It was another beautiful autumn afternoon in 2007. The day was almost over, and I was at my final stop before going home. I always saved this nursing home for last when I was out in the field, because it was such a pleasant experience each time I visited. With an excellent staff and a perfectly maintained building, residents and family members really seemed to appreciate life there.
I needed to evaluate one of the residents for services my company might be able to provide, as she was being discharged the next week to go live with her daughter. As I proceeded down the hallway, reading name holders outside each door, I considered a couple options I thought might be workable for my customer.
About half way down the east wing, mid-thought, mid-stride, I stopped cold. No idea how long I stood, frozen in that spot, staring in shocked disbelief at the name on the wall. Reading it over and over, I was having difficulty comprehending that name could belong to the person to whom I thought it belonged; there was only an initial of the first name, and then the complete last name.
After I do not know how long, I shook myself out of that momentary paralysis, and gingerly peeked into the room; saw a nurse’s aid, side view, sitting in a chair, feeding a resident whom I could not see, because of a curtain in the way. I did not want to barge in on a stranger, but it became imperative I find out who that resident was. The nurse’s station was just around the corner, so I scurried over to it, and asked if the Z. Martin in room 110 was Zinnia Martin. The nurse on duty told me it was indeed Zinnia.
Time, for me, in that place, did not obey tick tock laws at that moment. It swirled, and I swayed, locked in a struggle to remain outside a vortex where my history collided with my present, trying to suck me in and whirl me about; there I stood, wondering how to deal with this shocking convergence of a sixty year old me woman and a ten year old me girl.
After regaining a bit of composure, I asked the nurse if it would be all right if I went in to see Mrs. Martin. She told me it would be fine, Zinnia was finishing dinner, and would love some company. Then, she added I needed to be aware there was a problem with her speech; explaining Zinnia had a stroke and as a result, had lost the ability to speak. I asked if she could still read, and was told she could.
Thanking the nurse, I turned around, went back down the hall, and sat down on the floor, leaning my back against the corridor wall outside her room. Taking out a sheet of paper from my notebook, as I sat cross-legged on the floor, this is what I wrote:
Dear Mrs. Martin,
You were my fifth grade teacher in 1957, and of all the teachers I had before and have had since, there is no one I respected and loved more than you. When I became your student, I was a skinny, shy, lonely, very curious little girl who had a secret passion for learning and wanted desperately for just a little approval. You instinctively seemed to know my heart from the very first day, and in that year taught me more than I can possibly list here. And, beyond finding and lighting my inner candle of self worth, you proclaimed on my report card, which went home for everyone to see, that “I was a joy to have in class, and you wished you had thirty-four other students just like me”. I want to thank you for being the first person who ever told me I could do whatever I chose in life, and what was more, you believed in me. You taught me well, and I will never forget you.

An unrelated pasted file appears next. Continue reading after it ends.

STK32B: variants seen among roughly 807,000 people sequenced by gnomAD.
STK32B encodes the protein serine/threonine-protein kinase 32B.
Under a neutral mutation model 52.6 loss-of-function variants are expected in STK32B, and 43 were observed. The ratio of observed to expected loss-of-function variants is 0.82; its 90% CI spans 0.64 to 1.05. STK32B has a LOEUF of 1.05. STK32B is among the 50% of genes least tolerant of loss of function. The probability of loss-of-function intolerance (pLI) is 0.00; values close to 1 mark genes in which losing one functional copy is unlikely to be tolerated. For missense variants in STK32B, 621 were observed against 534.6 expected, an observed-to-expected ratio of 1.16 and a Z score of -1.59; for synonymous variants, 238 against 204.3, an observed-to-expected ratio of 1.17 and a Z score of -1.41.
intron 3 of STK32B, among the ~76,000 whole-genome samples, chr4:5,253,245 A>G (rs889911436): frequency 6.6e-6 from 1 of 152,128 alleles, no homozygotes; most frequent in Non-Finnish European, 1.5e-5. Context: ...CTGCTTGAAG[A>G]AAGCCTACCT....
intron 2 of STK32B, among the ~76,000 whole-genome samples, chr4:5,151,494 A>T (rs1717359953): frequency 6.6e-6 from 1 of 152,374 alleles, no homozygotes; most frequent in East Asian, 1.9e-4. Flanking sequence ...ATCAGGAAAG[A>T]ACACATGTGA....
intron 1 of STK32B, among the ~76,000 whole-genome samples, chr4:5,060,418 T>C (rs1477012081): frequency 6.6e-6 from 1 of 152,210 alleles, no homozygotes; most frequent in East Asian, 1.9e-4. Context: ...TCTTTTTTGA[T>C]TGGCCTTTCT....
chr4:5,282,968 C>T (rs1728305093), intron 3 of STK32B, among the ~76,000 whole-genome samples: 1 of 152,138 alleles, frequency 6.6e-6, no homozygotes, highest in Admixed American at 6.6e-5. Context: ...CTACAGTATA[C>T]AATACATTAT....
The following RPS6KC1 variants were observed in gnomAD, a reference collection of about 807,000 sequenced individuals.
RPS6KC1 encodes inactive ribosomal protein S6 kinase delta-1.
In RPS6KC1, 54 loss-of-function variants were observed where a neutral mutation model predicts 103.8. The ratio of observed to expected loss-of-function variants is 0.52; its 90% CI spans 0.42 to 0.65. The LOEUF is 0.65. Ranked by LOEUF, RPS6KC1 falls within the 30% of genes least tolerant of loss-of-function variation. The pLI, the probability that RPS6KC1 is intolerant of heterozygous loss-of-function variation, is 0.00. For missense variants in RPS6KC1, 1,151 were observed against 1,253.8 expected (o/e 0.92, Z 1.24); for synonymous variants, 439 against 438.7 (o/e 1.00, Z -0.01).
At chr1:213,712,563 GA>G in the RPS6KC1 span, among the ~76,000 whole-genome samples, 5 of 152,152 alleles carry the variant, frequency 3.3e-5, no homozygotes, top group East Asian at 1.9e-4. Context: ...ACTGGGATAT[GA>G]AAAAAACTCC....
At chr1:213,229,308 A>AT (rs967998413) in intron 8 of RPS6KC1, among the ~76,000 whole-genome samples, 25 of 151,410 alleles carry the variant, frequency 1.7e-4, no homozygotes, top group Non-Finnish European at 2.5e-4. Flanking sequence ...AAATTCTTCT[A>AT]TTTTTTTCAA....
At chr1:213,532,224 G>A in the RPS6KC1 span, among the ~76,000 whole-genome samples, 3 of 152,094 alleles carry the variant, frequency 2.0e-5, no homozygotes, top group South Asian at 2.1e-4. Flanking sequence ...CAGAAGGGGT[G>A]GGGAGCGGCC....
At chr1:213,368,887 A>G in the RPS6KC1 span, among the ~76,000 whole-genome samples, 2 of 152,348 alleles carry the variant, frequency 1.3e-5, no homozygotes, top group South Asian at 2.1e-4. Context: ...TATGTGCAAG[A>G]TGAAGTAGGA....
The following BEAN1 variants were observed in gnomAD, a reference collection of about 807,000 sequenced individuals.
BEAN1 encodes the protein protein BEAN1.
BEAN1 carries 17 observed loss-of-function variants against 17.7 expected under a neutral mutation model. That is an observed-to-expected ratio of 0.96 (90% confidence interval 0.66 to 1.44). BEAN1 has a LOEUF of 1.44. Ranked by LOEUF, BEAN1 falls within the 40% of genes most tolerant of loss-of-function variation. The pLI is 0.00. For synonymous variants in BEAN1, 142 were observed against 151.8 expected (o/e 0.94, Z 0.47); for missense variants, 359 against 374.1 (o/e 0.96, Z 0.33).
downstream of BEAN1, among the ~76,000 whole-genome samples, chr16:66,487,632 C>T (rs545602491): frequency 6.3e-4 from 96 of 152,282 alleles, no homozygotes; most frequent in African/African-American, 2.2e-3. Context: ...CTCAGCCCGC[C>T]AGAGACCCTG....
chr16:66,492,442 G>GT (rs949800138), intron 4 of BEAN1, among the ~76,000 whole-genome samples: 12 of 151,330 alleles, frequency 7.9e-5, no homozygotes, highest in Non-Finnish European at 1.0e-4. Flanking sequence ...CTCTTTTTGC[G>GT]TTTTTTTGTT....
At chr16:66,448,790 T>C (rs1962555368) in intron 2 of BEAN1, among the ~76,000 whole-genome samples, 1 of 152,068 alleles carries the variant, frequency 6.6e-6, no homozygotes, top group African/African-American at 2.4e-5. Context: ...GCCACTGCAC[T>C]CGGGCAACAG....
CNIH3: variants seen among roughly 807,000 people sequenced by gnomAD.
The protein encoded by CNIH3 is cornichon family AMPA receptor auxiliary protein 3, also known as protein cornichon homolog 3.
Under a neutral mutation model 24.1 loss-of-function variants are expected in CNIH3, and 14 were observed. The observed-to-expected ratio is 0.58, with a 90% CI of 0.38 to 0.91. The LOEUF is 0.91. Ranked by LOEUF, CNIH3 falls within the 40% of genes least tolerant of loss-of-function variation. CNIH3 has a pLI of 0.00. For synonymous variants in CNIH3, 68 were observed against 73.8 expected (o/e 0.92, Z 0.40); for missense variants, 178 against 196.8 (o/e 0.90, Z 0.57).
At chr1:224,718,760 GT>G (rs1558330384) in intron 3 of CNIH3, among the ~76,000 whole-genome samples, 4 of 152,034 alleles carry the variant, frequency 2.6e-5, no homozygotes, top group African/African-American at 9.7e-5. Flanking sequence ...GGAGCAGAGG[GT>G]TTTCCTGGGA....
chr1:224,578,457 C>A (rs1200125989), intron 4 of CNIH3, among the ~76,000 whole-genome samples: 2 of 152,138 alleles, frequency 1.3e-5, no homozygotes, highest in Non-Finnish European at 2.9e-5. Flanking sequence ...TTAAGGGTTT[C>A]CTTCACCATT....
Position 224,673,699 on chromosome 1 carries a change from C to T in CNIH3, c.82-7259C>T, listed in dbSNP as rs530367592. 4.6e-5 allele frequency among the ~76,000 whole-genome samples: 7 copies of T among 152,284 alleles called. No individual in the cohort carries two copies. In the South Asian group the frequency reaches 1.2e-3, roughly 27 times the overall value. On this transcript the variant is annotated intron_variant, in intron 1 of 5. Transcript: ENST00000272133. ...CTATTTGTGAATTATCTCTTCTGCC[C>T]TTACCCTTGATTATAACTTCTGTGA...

When I finished my little tribute to the greatest teacher I ever knew, I quietly entered her room, and walked around the curtain. There she was, only the person sitting there was not the tall, vibrant red head, with azure blue eyes; no, she was a small, very frail, white haired aged beauty who looked puzzled at my arrival. I explained who I was, and said I had a letter I would like for her to read.
She took my letter and held it in a shaky hand, and read it right then and there. I watched her, and after just a few moments into it, she began to cry. When she finished, she took my hand in hers, and with tears streaming down her cheeks, she mouthed the words thank you. I hugged and held that dear woman for as long as I dared before completely losing it myself, told her she was very welcome, and left.
That night, I journaled the events of the day, recalling as I did a great lady who taught me to love Louisa May Alcott, draw with charcoal, be proud that I liked math and was good at it, and to square dance. She also taught me my value as a human being was not going to be measured by frivolous things like my weight or how quiet I was in class. She expected me to set my standards high, work hard, and never be afraid to stand up for those things in which I believed. I recalled a time, fifty years ago, looking into the depths of those same azure blue eyes that locked onto mine again in the nursing home, and promising her I would believe in myself. And to the best of my ability, Mrs. Martin, I have kept that promise.